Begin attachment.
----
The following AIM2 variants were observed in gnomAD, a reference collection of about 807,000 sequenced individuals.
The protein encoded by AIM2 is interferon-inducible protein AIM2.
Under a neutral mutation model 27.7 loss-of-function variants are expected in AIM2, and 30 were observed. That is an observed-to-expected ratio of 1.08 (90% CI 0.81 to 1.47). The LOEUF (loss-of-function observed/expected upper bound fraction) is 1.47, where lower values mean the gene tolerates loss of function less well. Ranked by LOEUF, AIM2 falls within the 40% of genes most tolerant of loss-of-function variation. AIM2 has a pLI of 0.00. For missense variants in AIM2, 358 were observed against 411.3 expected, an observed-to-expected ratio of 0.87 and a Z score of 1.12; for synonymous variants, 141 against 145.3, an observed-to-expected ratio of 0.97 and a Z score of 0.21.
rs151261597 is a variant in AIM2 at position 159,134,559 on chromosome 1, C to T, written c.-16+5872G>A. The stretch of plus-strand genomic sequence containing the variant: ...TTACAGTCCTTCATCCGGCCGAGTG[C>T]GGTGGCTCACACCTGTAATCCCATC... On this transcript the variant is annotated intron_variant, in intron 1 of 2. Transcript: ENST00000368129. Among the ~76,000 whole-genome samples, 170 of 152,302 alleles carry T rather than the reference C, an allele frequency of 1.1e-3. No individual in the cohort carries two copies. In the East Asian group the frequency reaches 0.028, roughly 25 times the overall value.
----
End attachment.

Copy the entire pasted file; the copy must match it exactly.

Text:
The following AIM2 variants were observed in gnomAD, a reference collection of about 807,000 sequenced individuals.
The protein encoded by AIM2 is interferon-inducible protein AIM2.
Under a neutral mutation model 27.7 loss-of-function variants are expected in AIM2, and 30 were observed. That is an observed-to-expected ratio of 1.08 (90% CI 0.81 to 1.47). The LOEUF (loss-of-function observed/expected upper bound fraction) is 1.47, where lower values mean the gene tolerates loss of function less well. Ranked by LOEUF, AIM2 falls within the 40% of genes most tolerant of loss-of-function variation. AIM2 has a pLI of 0.00. For missense variants in AIM2, 358 were observed against 411.3 expected, an observed-to-expected ratio of 0.87 and a Z score of 1.12; for synonymous variants, 141 against 145.3, an observed-to-expected ratio of 0.97 and a Z score of 0.21.
rs151261597 is a variant in AIM2 at position 159,134,559 on chromosome 1, C to T, written c.-16+5872G>A. The stretch of plus-strand genomic sequence containing the variant: ...TTACAGTCCTTCATCCGGCCGAGTG[C>T]GGTGGCTCACACCTGTAATCCCATC... On this transcript the variant is annotated intron_variant, in intron 1 of 2. Transcript: ENST00000368129. Among the ~76,000 whole-genome samples, 170 of 152,302 alleles carry T rather than the reference C, an allele frequency of 1.1e-3. No individual in the cohort carries two copies. In the East Asian group the frequency reaches 0.028, roughly 25 times the overall value.